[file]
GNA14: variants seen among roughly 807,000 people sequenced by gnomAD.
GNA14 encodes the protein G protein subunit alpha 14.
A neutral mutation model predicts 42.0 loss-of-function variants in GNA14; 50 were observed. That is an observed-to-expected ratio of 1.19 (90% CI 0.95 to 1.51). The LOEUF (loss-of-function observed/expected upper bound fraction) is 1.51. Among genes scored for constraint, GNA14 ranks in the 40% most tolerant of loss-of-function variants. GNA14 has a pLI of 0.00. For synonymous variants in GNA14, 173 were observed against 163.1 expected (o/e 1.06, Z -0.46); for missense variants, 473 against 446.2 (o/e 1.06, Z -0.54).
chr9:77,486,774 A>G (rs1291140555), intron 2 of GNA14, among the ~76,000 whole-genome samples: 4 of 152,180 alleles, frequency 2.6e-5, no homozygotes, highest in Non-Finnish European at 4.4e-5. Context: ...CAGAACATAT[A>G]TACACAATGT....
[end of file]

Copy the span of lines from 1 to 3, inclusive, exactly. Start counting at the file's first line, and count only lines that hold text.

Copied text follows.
GNA14: variants seen among roughly 807,000 people sequenced by gnomAD.
GNA14 encodes the protein G protein subunit alpha 14.
A neutral mutation model predicts 42.0 loss-of-function variants in GNA14; 50 were observed. That is an observed-to-expected ratio of 1.19 (90% CI 0.95 to 1.51). The LOEUF (loss-of-function observed/expected upper bound fraction) is 1.51. Among genes scored for constraint, GNA14 ranks in the 40% most tolerant of loss-of-function variants. GNA14 has a pLI of 0.00. For synonymous variants in GNA14, 173 were observed against 163.1 expected (o/e 1.06, Z -0.46); for missense variants, 473 against 446.2 (o/e 1.06, Z -0.54).